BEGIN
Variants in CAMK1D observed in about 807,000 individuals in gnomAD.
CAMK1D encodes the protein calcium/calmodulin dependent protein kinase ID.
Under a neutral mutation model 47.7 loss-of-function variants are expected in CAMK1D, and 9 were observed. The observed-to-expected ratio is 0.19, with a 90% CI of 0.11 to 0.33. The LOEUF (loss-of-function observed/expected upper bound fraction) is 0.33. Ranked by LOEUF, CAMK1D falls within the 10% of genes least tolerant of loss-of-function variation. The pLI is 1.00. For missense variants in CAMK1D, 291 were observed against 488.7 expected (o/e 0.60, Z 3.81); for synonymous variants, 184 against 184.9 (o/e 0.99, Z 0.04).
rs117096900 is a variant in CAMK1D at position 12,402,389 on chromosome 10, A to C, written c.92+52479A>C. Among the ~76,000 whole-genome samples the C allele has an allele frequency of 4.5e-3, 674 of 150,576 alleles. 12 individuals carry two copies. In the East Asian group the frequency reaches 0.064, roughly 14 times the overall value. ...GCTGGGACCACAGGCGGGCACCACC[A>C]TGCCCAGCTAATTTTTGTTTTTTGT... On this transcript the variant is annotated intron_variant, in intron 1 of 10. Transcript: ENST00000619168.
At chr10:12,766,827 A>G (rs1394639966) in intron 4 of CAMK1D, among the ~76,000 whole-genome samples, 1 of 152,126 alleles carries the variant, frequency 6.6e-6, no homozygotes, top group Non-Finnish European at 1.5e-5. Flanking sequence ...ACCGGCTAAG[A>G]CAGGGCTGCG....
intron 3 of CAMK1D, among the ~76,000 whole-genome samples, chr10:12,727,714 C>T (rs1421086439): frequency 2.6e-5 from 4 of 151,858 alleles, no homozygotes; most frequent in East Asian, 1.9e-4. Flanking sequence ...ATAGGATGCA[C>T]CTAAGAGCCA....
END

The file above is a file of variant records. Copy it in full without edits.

Variants in CAMK1D observed in about 807,000 individuals in gnomAD.
CAMK1D encodes the protein calcium/calmodulin dependent protein kinase ID.
Under a neutral mutation model 47.7 loss-of-function variants are expected in CAMK1D, and 9 were observed. The observed-to-expected ratio is 0.19, with a 90% CI of 0.11 to 0.33. The LOEUF (loss-of-function observed/expected upper bound fraction) is 0.33. Ranked by LOEUF, CAMK1D falls within the 10% of genes least tolerant of loss-of-function variation. The pLI is 1.00. For missense variants in CAMK1D, 291 were observed against 488.7 expected (o/e 0.60, Z 3.81); for synonymous variants, 184 against 184.9 (o/e 0.99, Z 0.04).
rs117096900 is a variant in CAMK1D at position 12,402,389 on chromosome 10, A to C, written c.92+52479A>C. Among the ~76,000 whole-genome samples the C allele has an allele frequency of 4.5e-3, 674 of 150,576 alleles. 12 individuals carry two copies. In the East Asian group the frequency reaches 0.064, roughly 14 times the overall value. ...GCTGGGACCACAGGCGGGCACCACC[A>C]TGCCCAGCTAATTTTTGTTTTTTGT... On this transcript the variant is annotated intron_variant, in intron 1 of 10. Transcript: ENST00000619168.
At chr10:12,766,827 A>G (rs1394639966) in intron 4 of CAMK1D, among the ~76,000 whole-genome samples, 1 of 152,126 alleles carries the variant, frequency 6.6e-6, no homozygotes, top group Non-Finnish European at 1.5e-5. Flanking sequence ...ACCGGCTAAG[A>G]CAGGGCTGCG....
intron 3 of CAMK1D, among the ~76,000 whole-genome samples, chr10:12,727,714 C>T (rs1421086439): frequency 2.6e-5 from 4 of 151,858 alleles, no homozygotes; most frequent in East Asian, 1.9e-4. Flanking sequence ...ATAGGATGCA[C>T]CTAAGAGCCA....